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A few notes on Stoic political philosophy

An absolutely brilliant passage from one of the best books about Stoicism currently available:
Coming to see all others as fellow-citizens is quite distinct from striving to build a political community in which all others will be one's fellow-citizens. The community according to which all others are fellow-citizens is already there; it is the cosmos, the whole of which each human being is a part. The Stoics do not envisage a worldwide community that should be established. Rather, they tell us that such a community exists, should be understood, and should transform how we relate to others.
- Katja Maria Vogt, Law, Reason, and the Cosmic City: Political Philosophy in the Early Stoa, 2007, location 1241 

Witness Cicero:
There are indeed several degrees of fellowship among men. To move from the one that is unlimited, next there is a closer one of the same race, tribe and tongue, through which men are bound strongly to one another. More intimate still is that of the same city, as citizens have many things that are shared with one another: the forum, temples, porticoes and roads, laws and legal rights, law-courts and political elections; and besides these acquaintances and companionship, and those business and commercial transactions that many of them make with many others. A tie narrower still is that of the fellowship between relations: moving from that vast fellowship of the human race we end up with a confined and limited one.
- Cicero, On Duties, I.53

Note that the "fellowship among men" is an unlimited fellowship. It includes human beings everywhere and at all times. This "fellowship among men" is the greater of the two republics we all live in according to the Stoics. The smaller republic is the country we happen to have a formal citizenship in. Both are political communities in the sense that we are citizens in both and have duties towards both.

Note also that laws are the least important element - even in the lesser political community. The most important elements are shared values and mutual friendship:
But of all the bonds of fellowship, there is none more noble, none more powerful than when good men of congenial character are joined in intimate friendship; for really, if we discover in another that moral goodness on which I dwell so much, it attracts us and makes us friends to the one in whose character it seems to dwell. And while every virtue attracts us and makes us love those who seem to possess it, still justice and generosity do so most of all. Nothing, moreover, is more conducive to love and intimacy than compatibility of character in good men; for when two people have the same ideals and the same tastes, it is a natural consequence that each loves the other as himself; and the result is, as Pythagoras requires of ideal friendship, that several are united in one. Another strong bond of fellowship is effected by mutual interchange of kind services; and as long as these kindnesses are mutual and acceptable, those between whom they are interchanged are united by the ties of an enduring intimacy.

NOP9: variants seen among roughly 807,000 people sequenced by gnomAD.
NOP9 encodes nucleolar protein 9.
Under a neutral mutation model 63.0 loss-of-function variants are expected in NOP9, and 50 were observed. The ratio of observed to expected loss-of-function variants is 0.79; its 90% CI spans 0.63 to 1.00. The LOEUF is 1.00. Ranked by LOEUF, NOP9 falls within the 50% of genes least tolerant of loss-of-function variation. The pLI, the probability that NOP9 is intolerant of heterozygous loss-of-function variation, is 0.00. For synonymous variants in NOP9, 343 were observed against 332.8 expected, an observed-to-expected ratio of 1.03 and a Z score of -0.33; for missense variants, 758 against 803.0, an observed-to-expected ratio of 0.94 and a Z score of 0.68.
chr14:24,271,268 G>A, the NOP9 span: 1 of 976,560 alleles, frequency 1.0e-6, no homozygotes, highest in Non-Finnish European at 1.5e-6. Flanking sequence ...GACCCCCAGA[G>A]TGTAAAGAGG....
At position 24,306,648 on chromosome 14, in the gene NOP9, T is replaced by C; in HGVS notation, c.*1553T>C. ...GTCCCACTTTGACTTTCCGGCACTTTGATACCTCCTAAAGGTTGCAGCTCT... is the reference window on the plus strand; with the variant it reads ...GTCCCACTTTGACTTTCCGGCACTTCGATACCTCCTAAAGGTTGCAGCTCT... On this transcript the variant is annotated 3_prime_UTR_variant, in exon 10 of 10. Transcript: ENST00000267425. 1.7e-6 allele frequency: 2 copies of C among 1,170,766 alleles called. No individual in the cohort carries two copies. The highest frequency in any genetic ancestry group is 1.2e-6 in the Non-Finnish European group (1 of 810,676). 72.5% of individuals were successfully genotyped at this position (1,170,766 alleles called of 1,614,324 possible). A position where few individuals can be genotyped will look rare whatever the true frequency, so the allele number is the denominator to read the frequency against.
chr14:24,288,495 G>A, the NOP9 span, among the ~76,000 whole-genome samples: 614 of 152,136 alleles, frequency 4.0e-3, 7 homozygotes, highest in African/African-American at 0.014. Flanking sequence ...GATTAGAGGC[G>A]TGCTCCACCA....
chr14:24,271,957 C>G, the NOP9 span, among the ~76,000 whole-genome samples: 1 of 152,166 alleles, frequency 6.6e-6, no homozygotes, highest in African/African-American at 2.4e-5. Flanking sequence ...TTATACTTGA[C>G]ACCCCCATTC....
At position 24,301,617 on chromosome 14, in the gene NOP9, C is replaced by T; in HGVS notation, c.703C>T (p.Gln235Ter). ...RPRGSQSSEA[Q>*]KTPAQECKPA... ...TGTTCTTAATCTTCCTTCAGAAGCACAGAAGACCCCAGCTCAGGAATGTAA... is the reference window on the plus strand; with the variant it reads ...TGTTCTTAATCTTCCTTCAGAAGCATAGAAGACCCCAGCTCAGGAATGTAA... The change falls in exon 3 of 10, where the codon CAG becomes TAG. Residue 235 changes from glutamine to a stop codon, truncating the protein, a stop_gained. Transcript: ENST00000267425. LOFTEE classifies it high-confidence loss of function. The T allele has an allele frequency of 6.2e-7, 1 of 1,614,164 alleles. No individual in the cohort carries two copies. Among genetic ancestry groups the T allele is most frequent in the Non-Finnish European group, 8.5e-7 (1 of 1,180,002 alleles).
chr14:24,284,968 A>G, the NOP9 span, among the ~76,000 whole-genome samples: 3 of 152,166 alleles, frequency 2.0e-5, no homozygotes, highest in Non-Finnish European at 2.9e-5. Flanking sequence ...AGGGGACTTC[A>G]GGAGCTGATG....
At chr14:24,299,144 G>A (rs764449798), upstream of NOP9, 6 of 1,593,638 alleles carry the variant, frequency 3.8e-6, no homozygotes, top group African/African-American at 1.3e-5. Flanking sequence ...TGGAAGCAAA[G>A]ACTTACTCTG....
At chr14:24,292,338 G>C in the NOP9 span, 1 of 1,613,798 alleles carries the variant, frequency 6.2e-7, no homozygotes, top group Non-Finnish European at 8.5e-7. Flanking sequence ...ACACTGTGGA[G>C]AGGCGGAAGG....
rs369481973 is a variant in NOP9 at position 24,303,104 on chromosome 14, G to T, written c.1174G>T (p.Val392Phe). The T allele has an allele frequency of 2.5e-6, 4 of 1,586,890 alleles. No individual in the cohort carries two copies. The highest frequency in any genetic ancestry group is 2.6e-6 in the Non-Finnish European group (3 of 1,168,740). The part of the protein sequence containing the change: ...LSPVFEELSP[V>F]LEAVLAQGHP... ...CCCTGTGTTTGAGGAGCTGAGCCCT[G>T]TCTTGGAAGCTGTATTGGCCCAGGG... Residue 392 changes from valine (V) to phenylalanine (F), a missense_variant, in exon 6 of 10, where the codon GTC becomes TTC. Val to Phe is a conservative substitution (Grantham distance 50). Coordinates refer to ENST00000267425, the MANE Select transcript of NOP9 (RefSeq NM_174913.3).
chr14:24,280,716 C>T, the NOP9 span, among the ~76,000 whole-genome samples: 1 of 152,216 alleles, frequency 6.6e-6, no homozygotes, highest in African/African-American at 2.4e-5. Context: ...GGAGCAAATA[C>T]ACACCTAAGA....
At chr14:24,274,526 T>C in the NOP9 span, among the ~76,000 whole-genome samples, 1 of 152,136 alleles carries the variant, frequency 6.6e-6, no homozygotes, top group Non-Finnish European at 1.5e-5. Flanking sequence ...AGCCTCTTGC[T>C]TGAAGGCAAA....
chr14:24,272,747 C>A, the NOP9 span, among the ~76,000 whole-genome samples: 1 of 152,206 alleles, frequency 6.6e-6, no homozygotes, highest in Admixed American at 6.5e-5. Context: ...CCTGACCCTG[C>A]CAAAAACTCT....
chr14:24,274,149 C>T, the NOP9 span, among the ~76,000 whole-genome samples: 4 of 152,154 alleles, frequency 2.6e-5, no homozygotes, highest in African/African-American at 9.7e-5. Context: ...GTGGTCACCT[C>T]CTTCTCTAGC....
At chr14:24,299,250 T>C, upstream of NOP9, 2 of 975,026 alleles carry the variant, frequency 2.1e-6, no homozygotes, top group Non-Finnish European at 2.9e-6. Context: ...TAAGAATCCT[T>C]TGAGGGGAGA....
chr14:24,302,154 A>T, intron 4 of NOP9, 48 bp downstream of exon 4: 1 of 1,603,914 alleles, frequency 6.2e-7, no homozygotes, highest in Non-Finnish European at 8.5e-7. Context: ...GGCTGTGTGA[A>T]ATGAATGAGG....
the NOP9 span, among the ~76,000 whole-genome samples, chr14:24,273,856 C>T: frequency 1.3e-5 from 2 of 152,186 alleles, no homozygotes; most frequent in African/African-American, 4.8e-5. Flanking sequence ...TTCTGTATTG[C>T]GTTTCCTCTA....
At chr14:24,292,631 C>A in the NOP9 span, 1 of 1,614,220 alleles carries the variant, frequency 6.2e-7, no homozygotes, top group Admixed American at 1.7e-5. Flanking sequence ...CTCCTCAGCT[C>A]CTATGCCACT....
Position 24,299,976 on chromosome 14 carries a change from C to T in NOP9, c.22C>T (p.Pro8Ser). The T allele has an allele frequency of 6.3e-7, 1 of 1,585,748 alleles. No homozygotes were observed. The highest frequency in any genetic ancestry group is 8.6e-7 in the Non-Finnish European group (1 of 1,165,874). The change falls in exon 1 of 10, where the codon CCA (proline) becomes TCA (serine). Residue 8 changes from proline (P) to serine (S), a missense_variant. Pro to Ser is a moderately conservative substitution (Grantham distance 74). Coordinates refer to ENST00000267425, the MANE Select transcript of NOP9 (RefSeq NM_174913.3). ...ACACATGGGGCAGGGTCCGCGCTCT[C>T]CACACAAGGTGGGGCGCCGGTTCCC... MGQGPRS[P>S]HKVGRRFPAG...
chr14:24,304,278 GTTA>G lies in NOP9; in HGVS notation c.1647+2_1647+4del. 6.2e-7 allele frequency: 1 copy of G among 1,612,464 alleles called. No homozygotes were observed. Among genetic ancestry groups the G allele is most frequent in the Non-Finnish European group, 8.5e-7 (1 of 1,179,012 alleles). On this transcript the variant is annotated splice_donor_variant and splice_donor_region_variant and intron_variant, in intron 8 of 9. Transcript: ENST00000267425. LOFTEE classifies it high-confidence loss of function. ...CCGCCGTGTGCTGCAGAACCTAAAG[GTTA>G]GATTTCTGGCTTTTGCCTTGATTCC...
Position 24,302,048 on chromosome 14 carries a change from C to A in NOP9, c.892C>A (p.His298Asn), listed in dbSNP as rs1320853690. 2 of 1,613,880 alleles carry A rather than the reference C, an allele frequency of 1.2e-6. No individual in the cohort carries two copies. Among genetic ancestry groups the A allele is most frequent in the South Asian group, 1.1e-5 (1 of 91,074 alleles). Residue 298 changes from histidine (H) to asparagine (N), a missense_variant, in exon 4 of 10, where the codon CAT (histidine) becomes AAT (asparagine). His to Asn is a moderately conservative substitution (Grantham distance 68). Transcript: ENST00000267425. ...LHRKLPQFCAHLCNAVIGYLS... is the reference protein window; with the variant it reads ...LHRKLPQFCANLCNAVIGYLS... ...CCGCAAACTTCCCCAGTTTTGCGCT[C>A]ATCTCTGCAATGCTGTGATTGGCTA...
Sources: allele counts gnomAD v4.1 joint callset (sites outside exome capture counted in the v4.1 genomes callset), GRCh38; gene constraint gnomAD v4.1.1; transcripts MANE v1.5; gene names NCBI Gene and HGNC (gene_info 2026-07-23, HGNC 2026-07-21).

- Cicero, On Duties, 55-56

Representation of a sitting of the Roman Senate: Cicero attacks Catiline, from a 19th-century fresco 

A very important difference between Cicero and Seneca is the importance Cicero places on our duties towards our country:
when you have surveyed everything with reason and spirit, of all fellowships none is more serious , and none dearer, than that of each of us with the republic. Parents are dear, and children, relatives and acquaintances are dear, but our country has on its own embraced all the affections of all of us.
- Cicero, On Duties I.57

Seneca is almost exclusively interested in our duties towards the larger community - the brotherhood of man.
The understanding I have of my responsibility to the human race comes first, and it counts for more than my responsibility to any one person.
- Seneca, On Benefits, VII.19.9

Seneca could almost just as well have said "more than my responsibility to any one country" here .

Stoicism is all about community - but it is a "virtual" community consisting of every rational being. It wouldn't make sense to try to limit that community to a specific number of people. Any proposed limit would be completely random and irrelevant. Another completely irrelevant factor is what any group defined as "the elite of society" think about Stoicism or even what they think about philosophy in general. Stoicism is there for everyone - and it definitely doesn't follow from the fact that a person can brag about membership of some random "elite" that that person is more qualified to understand Stoicism than, say, a plummer or a garbage man. Cleanthes, the second head of the Stoic school, was a boxer when he first got interested in Stoicism and worked for years at night watering gardens in Athens while studying Stoicism.

Stoicism is comparatively indifferent toward the empirical politics of a given society. The important thing is the responsibility of the individual Stoic to do his or her best to promote wisdom in the world together with everyone who shares that goal. Whether the country the individual stoic happens to be living in shares that goal or not is basically not important at all. 

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